GUEST COMMENT Why retail websites should ignore website latency at their peril
For the average internet user, speed is everything. Consumers demand a web experience that provides what they’re looking for without delay. When they encounter sites that load slowly and don’t live up to expectations, consumers don’t sit around and wait – they turn elsewhere to source what they want.
This climate of user demand for speed and efficiency is the governing reality of Internet commerce today. The Internet has created a serious boon for retailers, providing a direct, simplified route to their customers. But that ease and simplicity can often lead to complacency, as retailers sit back and wait for the money to roll in from customer shopping online. The truth is, it’s not that simple.
Imagine you went shopping in an actual shop, found the product you wanted, and walked to the checkout only to find no one at the till to serve you. Would you stand around waiting for the cashier to finally show up? Of course not. There are plenty of other retailers out there offering the same product that have their facilities in order and are prepared to assist customers as quickly as possible.
It’s no different online. Online shoppers demand a quick, efficient, and effective service. When they don’t find that on a site, they find it somewhere else.
Site latency, the time it takes for a page to fully load on a user’s browser, makes all the difference in deciding whether or not a consumer commits to a purchase online. When a retail site takes too long to load, customers will abandon shopping carts and look to alternative sources for the products they need, which often ends up being direct competitors. A number of factors can affect site latency in both positive and negative ways, but third-party vendor tags frequently have the highest impact on how fast a site can load. Generally, the more tags there are on a site, the more time it will take to load.
You might want to stop me right there and say that this isn’t an issue for your business because you don’t have many tags implemented on your site. But our research has shown that the top retail companies on average have 75 individual tags on their sites. This situation happens when a third-party tag vendor introduces other tags onto your site without your knowledge, which is a common occurrence for most websites. Your third-party vendors can end up calling fourth, fifth, or even sixth-party tags to your site. With this in mind, it’s easy to see how sites end up with so many tags.
With such a high number of average tags on sites, this is an issue that your IT team cannot easily deal with. Which tags on your site are slowing down the site and which ones are working properly? Which tags are creating security gaps? It can be quite difficult to sort through them all to find the answers.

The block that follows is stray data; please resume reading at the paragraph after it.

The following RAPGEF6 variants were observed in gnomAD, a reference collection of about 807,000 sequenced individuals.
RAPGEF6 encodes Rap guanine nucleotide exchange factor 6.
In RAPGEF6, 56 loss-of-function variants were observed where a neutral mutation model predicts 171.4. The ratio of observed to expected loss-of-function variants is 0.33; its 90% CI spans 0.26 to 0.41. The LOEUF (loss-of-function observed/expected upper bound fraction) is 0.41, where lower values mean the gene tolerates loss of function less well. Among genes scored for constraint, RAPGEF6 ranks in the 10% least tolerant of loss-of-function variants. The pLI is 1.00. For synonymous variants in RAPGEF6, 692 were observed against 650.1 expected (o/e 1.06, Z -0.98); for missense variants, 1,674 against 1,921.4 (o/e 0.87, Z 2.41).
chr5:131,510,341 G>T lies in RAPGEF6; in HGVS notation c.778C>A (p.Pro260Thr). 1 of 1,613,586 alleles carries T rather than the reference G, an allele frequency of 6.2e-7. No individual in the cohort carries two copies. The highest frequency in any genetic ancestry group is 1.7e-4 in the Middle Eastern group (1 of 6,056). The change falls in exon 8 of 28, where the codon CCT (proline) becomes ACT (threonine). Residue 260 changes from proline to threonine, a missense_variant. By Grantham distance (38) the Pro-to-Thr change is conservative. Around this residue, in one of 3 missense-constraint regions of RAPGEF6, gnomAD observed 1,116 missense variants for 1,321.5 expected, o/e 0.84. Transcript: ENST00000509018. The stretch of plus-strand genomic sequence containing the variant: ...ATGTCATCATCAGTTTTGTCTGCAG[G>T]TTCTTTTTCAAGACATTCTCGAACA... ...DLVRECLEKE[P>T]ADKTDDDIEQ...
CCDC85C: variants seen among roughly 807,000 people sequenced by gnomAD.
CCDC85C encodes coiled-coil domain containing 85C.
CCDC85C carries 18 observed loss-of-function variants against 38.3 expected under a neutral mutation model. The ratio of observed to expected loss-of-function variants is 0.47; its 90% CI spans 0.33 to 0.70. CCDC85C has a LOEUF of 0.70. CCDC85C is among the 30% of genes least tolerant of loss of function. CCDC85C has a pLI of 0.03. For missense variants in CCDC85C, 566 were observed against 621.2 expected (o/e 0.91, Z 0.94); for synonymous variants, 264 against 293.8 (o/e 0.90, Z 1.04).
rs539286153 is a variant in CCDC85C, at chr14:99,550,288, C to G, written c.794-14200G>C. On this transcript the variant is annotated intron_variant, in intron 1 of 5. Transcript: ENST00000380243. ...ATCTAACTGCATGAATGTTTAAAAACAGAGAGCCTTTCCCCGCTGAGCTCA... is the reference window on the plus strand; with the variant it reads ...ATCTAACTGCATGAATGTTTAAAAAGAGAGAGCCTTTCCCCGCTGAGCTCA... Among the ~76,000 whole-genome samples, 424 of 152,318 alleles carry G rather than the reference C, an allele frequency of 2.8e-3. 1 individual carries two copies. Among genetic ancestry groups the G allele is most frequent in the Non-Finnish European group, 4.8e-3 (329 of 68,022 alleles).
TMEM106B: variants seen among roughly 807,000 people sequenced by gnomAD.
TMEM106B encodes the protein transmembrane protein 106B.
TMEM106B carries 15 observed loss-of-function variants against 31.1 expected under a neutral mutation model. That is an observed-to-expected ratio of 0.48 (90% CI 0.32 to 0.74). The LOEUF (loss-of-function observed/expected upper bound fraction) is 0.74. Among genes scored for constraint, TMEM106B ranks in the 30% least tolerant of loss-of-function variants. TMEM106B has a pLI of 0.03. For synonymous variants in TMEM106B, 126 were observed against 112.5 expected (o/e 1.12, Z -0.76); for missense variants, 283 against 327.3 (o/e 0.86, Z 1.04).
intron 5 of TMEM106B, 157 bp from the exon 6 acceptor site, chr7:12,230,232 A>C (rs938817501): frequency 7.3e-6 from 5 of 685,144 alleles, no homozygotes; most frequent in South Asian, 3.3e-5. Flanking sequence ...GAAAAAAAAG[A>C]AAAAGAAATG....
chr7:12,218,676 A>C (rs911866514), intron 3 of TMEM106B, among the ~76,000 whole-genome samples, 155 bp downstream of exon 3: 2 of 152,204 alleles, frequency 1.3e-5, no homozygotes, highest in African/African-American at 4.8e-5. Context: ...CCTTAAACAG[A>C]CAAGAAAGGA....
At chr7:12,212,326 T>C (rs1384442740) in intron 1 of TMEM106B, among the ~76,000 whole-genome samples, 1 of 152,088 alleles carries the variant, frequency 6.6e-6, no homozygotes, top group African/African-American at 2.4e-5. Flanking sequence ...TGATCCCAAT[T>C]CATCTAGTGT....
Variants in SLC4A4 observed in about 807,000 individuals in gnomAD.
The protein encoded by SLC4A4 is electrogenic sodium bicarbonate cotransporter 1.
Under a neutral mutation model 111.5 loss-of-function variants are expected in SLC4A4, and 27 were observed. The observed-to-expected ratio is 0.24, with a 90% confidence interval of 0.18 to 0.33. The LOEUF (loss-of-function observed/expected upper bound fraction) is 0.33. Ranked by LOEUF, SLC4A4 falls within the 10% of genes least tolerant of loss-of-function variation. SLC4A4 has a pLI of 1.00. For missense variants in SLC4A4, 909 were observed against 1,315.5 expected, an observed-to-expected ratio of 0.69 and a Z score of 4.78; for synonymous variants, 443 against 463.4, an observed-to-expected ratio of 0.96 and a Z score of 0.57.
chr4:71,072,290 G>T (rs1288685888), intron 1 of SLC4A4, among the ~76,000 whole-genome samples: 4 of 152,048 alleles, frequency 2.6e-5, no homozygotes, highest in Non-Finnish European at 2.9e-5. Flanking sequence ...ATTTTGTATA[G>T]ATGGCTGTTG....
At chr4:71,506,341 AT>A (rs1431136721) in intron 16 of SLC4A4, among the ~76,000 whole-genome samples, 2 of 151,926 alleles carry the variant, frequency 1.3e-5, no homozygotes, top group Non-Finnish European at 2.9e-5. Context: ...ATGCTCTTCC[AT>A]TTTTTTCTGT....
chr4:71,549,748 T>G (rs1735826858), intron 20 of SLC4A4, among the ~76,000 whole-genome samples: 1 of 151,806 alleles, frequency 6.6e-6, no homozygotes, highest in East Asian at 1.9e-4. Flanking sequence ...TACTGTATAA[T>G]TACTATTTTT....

The key is to have a comprehensive marketing cloud management
strategy that will allow your IT teams to accurately evaluate the tags on your site and pinpoint which ones are causing issues. Effective marketing cloud management is based on a few measures that every online retailer should follow:Improving Performance
By reviewing tag performance and identifying the worst performing vendors, some simple steps can be taken towards improving the performance of your site. With full knowledge of all the tags on your site, you can discuss the possibility of revising or improving these problematic tags with your vendors. In more serious circumstances, have them removed immediately.Auditing Your Vendors
By auditing all the vendors within your marketing cloud, each can be evaluated to see where and how they’re gaining access to your site. This level of site transparency allows you to make smarter decisions about which vendors should and shouldn’t be there. You can even establish whitelists and blacklists to ensure that only those vendors you choose are able to access your site and customers. To ensure that changes you have made are not undone, it’s important to continuously monitor these vendors.Tightening Security
Potential security risks can also be identified and eliminated with increased transparency into your site’s tags. Whilst hacking and data theft are certainly important issues, mixed content warnings caused by non-secure tags on secure pages will often lead to a drop-off in customer conversions – as Ghostery discovered in a recent study with the Ponemon Institute
While the threat of increased site latency can have a severe impact on your customer conversions and sales, retailers should take solace in the fact that this problem is more than manageable. By emphasising site performance and proper marketing cloud management, retailers can encourage improved customer conversion and retention.Damian Scragg is managing director EMEA, Ghostery